Using the WANem WAN Emulator Virtual Appliance

During preparation and preliminary information gathering for a new internal project, I had a need to emulate various networking conditions and scenarios. More specifically I’m looking at the possibility of running the vCenter Client over high latency satellite links, with varying bandwidth availability and even packet loss scenarios.

Obviously the best way of testing this, in a controlled environment, is to use some kind of WAN emulator that lets you control the various networking characteristics. WANem is a free WAN emulator and it even comes as a VMware virtual appliance.

Setup is pretty straight forward, and I won’t get into the detailed instructions at this point. If someone requests it, perhaps I’ll make a HOWTO post later on.

After the WANem Virtual Appliance has been started and setup in your network environment, all you have to do is to route your traffic through it. In my test environment, I decided to route all traffic between my local computer and my vCenter Server through the WANem appliance. Doing so is pretty straight forward; Open up a cmd window, with administrator privileges, on your local computer and use the route command to force traffic through WANem:

the command itself is:
route add {destination IP} mask {WANem IP}

To tune the network properties of the traffic going through WANem, open the WANem admin page in your browser and work some magic. The screenshots below are from the advanced tab:

WANem Advanced Mode Screenshot #1WANem Advanced Mode Screenshot #2

As a simple test, I decided to add 500ms latency (delay time) and a packet loss of 25%, and as you can see from the video below it works as expected

(Video has been scaled to fit, watch it in fullscreen mode for details).


If you need to test out how your applications or networking infrastructure works when issues like latency, jitter and even dropped packets affects your clients, WANem seems like an easy and free route (pun intended) for testing purposes.

SolarWinds VM Console

SolarWinds has released a new free vSphere tool called SolarWinds VM Console.

    Free VM Console Highlights:

  • Bounce (shutdown & restart) VMs without logging into vCenter or vSphere
  • Get end-to-end visibility into your VMware environment—from vCenter through ESX hosts to VM guests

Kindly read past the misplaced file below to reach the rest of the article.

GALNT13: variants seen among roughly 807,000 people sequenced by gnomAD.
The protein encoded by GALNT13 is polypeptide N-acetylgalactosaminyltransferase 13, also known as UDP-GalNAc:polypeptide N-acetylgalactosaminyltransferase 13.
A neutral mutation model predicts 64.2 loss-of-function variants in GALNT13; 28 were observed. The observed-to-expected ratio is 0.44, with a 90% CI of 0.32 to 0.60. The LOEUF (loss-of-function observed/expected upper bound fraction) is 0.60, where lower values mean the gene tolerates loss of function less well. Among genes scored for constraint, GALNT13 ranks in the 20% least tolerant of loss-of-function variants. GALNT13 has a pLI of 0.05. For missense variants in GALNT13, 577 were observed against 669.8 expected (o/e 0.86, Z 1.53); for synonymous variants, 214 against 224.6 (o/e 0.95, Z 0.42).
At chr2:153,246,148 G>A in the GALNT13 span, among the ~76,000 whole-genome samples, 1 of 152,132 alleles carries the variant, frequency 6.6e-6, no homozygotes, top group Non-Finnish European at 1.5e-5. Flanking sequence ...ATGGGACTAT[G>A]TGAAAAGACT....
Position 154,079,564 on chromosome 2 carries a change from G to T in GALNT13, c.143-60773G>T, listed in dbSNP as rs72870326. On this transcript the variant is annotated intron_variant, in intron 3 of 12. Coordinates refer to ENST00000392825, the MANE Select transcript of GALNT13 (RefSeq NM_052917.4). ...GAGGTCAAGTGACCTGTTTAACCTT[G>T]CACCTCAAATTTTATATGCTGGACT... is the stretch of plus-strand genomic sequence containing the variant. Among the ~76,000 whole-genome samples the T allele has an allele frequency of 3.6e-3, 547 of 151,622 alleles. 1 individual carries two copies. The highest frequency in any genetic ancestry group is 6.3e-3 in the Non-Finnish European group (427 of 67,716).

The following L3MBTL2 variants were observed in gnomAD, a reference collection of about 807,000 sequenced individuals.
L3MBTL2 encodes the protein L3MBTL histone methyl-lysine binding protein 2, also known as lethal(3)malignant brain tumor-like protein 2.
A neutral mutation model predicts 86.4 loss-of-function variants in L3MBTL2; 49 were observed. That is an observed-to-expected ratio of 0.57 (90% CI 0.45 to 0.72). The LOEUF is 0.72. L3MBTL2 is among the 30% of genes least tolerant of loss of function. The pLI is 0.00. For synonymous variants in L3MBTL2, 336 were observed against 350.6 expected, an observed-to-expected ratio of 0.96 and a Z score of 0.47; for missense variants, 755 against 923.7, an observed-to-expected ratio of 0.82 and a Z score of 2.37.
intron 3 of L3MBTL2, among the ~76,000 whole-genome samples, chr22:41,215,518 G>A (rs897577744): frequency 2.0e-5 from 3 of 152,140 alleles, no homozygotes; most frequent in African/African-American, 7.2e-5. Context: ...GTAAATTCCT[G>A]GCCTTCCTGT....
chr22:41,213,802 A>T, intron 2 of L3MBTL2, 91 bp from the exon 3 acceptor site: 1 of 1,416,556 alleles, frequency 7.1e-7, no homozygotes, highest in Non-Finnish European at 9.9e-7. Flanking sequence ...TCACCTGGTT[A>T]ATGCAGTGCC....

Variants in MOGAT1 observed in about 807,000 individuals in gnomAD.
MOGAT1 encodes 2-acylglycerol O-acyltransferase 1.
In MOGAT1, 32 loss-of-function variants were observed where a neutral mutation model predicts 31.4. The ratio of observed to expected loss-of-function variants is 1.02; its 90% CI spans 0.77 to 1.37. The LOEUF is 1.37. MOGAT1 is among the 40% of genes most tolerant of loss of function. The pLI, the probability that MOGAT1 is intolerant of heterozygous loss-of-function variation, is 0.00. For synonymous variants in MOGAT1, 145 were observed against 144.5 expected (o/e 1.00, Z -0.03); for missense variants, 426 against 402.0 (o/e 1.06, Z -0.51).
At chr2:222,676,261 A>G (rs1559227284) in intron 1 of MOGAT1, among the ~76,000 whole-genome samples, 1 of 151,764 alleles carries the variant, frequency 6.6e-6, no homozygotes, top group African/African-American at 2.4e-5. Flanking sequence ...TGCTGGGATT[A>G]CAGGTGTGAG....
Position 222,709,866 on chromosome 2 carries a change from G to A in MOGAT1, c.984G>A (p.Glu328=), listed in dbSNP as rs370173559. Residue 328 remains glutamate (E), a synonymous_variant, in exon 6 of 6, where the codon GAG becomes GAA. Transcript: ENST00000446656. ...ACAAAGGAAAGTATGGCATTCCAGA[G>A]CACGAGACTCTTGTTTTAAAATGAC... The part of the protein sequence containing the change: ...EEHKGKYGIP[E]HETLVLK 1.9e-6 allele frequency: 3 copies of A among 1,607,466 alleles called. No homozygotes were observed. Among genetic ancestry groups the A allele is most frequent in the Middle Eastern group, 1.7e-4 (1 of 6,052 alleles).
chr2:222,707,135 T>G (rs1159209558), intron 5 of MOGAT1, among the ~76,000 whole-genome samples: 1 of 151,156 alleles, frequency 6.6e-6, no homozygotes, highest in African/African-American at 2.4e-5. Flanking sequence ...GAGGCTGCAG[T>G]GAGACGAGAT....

• Track the real-time up/down status of your VMs from your desktop — without logging into VMware apps
    Additional VM Monitoring Features:

  • Take a snapshot of your VM prior to shutdown
  • Search on VM names or IP addresses
  • Use your vCenter/vSphere credentials to view a top-down hierarchy of your virtual environment

I’m not sure why you as an admin might want to use this tool instead of the vSphere Client, but in environments where you have delegated control over certain VMs (like a test environment etc.) it might be a useful addition to your tool-belt.

vCenter Update Manager to lose it’s fat

Dwayne Lessner who runs IT Blood Pressure, has written a guest post on GestaltIT called Is My Favourite VSphere Tool Is Going Away?

In his article, Dwayne talks about vCenter Update Manager 4.1, and the fact that it seems to be the last version of the tools that will allow you to patch your Windows and Linux guests:

VMware vCenter Update Manager Features. vCenter Update Manager 4.1 and its subesquent update releases are the last releases to support scanning and remediation of patches for Windows and Linux guest operating systems and applications running inside a virtual machine. The ability to perform virtual machine operations such as upgrade of VMware Tools and virtual machine hardware will continue to be supported and enhanced.
VMware vSphere 4.1 release notes

Dwayne talks about this as being a bad thing, and that’s where I disagree. I have never understood why VMware saw it as their job to patch the operating systems the guests are running, and I have yet to see anyone actually use this feature. Obviously I was wrong, someone does indeed use it, but I really can’t understand why.

I’m a keen believer in doing what you know, and doing it well. Let “native” patching solutions take care of the guests, Windows Server Update Services (WSUS) comes to mind, and leave vCenter Update Manager (VUM) to take care of patching your VMware products.

I wouldn’t mind seeing vCenter Update Manager (VUM) extended into patching the VMware Workstation, Fusion and Player installations your enterprise might have, but I really think that losing the fat that is guest OS patching can only be a good thing.